2- Amid the political struggles of your facility, try to see yourself as an agent of change on a larger level. We tend to focus on our role with individual residents, but if we initiate or advocate for change in policies and procedures for the entire facility we would benefit many residents or staff members and would feel more effective and valued in our jobs.

3- Fight isolation by getting out of your facility and by creating support networks for yourself. Join support organizations, (like SSWANH3); attend seminars for LTC social workers; have a list of other social workers you can call to share ideas and questions (or just to vent); get out and visit other facilities or agencies in your community that you have never been inside of; or initiate a monthly lunch group with other LTC social workers in your area.

4- Know your job description and become an advocate for yourself in explaining the value of what you do to others. And don’t underestimate your role in effectively dealing with complaints, which makes residents and families feel more secure in your facility and can improve the reputation of your facility. About those misc. duties – sometimes you need to be a team player and deal with them gracefully, but other times you need to say no. It’s very empowering.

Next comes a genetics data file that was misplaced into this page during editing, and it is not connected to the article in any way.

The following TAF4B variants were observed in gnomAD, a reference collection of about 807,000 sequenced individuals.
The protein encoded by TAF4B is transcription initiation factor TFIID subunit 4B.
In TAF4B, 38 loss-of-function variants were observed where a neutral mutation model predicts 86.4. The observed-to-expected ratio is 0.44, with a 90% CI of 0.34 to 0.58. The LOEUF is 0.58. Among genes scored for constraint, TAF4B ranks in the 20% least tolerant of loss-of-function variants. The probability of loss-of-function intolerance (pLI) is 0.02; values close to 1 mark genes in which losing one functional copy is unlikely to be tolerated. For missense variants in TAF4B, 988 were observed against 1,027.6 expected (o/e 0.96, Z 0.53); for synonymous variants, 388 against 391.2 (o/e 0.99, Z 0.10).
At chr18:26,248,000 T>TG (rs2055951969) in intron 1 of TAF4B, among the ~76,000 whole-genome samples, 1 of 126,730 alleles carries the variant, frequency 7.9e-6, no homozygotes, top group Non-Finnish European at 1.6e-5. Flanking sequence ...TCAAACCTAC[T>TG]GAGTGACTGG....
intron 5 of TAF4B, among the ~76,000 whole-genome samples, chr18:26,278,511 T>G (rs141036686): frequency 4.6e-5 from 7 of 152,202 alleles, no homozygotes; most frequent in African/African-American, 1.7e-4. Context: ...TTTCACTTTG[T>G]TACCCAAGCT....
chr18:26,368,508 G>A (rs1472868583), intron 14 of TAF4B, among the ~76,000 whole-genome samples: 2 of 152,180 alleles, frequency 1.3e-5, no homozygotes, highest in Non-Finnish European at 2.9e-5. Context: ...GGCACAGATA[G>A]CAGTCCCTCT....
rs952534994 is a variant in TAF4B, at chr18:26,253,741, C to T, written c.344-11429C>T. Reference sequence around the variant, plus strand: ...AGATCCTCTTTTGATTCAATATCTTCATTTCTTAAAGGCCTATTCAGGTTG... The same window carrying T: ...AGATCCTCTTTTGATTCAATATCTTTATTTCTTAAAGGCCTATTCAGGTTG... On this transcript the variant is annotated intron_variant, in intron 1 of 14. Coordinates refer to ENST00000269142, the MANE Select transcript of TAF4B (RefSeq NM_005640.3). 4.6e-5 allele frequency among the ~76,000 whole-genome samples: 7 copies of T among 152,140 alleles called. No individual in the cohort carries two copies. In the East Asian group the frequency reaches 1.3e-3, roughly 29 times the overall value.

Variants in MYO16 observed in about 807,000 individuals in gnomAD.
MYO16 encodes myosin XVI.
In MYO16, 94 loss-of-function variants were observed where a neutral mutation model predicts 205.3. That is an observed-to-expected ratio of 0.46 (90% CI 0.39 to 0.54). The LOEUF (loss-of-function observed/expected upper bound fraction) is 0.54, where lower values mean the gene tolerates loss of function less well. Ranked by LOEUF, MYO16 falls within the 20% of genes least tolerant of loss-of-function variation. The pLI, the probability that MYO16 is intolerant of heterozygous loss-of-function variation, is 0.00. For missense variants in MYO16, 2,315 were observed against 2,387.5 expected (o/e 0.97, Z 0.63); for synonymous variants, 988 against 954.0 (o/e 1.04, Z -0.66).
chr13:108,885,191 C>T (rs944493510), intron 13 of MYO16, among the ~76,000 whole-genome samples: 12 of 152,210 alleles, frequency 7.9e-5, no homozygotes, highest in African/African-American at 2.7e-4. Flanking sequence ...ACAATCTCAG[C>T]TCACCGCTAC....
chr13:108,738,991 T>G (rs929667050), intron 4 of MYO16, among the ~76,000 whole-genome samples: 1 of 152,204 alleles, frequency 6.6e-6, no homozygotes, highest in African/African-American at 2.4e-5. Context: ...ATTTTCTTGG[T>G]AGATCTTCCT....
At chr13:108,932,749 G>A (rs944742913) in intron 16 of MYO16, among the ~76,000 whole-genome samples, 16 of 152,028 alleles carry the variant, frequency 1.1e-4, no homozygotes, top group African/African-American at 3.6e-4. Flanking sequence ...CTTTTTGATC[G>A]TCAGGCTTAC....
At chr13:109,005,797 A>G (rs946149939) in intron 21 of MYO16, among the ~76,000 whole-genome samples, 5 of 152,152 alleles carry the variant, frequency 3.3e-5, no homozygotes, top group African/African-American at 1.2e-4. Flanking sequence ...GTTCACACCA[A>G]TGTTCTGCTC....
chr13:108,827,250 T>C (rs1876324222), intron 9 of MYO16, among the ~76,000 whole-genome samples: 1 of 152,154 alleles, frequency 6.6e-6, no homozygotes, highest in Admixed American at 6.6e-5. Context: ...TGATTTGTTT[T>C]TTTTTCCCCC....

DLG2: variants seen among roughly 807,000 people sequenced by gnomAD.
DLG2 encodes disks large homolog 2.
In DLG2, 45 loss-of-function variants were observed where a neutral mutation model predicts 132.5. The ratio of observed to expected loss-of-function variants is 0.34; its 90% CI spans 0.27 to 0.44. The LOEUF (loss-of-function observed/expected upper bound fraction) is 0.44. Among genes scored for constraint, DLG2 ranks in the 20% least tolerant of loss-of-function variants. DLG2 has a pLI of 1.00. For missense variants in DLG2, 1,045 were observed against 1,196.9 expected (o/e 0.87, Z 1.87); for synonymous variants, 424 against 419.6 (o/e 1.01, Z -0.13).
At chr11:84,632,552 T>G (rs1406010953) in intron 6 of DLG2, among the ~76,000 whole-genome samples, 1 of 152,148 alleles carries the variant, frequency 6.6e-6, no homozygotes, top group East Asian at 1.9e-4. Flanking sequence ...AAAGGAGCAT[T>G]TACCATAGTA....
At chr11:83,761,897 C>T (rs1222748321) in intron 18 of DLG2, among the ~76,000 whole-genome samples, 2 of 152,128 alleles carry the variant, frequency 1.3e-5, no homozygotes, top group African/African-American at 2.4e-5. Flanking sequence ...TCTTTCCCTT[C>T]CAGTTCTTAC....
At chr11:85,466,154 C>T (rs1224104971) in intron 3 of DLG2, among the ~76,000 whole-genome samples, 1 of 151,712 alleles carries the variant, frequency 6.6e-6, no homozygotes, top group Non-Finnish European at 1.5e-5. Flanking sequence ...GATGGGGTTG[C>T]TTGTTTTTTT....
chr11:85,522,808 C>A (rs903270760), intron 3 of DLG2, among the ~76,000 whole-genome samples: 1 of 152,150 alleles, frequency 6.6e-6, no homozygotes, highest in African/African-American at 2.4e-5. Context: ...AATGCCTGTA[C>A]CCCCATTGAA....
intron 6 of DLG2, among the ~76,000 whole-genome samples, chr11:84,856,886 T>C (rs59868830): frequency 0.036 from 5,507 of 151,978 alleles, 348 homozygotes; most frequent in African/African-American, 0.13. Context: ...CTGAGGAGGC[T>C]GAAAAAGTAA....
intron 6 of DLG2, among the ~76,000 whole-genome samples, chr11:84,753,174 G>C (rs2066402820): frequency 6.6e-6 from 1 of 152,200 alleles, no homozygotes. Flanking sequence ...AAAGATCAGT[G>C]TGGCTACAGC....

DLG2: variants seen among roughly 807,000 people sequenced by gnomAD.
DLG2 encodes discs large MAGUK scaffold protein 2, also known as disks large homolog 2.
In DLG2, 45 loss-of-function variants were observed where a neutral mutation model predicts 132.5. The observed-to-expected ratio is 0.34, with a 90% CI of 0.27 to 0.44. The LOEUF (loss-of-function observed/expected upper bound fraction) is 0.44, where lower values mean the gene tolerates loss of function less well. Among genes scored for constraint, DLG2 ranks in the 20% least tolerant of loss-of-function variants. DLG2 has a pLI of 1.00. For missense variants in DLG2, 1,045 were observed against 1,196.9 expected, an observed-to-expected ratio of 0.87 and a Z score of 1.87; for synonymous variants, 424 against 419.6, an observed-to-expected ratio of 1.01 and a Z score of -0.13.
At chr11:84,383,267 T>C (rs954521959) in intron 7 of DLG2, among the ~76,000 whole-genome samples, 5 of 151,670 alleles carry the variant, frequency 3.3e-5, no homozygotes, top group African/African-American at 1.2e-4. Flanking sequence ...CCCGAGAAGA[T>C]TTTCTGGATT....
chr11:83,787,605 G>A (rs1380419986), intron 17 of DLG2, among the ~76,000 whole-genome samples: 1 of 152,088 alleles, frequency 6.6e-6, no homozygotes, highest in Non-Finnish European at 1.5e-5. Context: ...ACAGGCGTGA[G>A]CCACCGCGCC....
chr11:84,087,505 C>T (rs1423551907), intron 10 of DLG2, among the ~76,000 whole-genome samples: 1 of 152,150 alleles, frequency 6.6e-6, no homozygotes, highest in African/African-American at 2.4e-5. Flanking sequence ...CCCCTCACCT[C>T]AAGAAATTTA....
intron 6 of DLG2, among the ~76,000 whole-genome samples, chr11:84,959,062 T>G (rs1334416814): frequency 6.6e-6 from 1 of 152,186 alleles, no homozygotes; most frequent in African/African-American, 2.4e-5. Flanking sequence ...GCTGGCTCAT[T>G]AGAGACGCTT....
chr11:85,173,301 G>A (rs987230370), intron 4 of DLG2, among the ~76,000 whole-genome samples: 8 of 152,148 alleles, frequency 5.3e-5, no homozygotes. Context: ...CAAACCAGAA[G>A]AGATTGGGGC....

5- Try to become a strict scheduler of priorities for your week. If you have a specific time set aside for your paperwork, it is more likely to get done then. Also, schedule specific time for 1:1 visits with residents so you don’t start to feel disconnected. Too often, other responsibilities take priority. Better yet, start a group. It encompasses more residents in a shorter time and builds an additional supportive network for them.
 

Although I would certainly like to see LTC social workers stay in the field, no job is worth your health and emotional well-being. If you have tried to cope with the stresses of the job with no success, it may be best to seek employment elsewhere. There are many facilities with different personalities and philosophies. Try to find one with a better fit or try another field for a while to see if LTC is right for you. Most importantly, know that what you do is valuable and meaningful. Take pride in it!



References
1.  “13 Signs of Burnout and How to Help You Avoid It”, by Henry Neils. www.assessment.com.

2.  “Preventing Burnout in Human Services”, by L. Jenkins, MSW.


3.  SSWANH  The Social Service Workers' Association for Nursing Homes is a non-profit organization designed to provide support, education and networking opportunities to social workers in long-term care and other aging services in Philadelphia and the surrounding areas.
 

Lori Ammon, MA, LSW is a Social Work Consultant specializing in geriatrics and long-term care. She is the editor of SSWANH's website and newsletter.
 

Copyright © 2005-2007 Lori Ammon, MA, LSW.
All Rights Reserved. Reprinted by permission.
31 Jan 2005

 

[ Home ]  [ Social Work Burnout Articles ]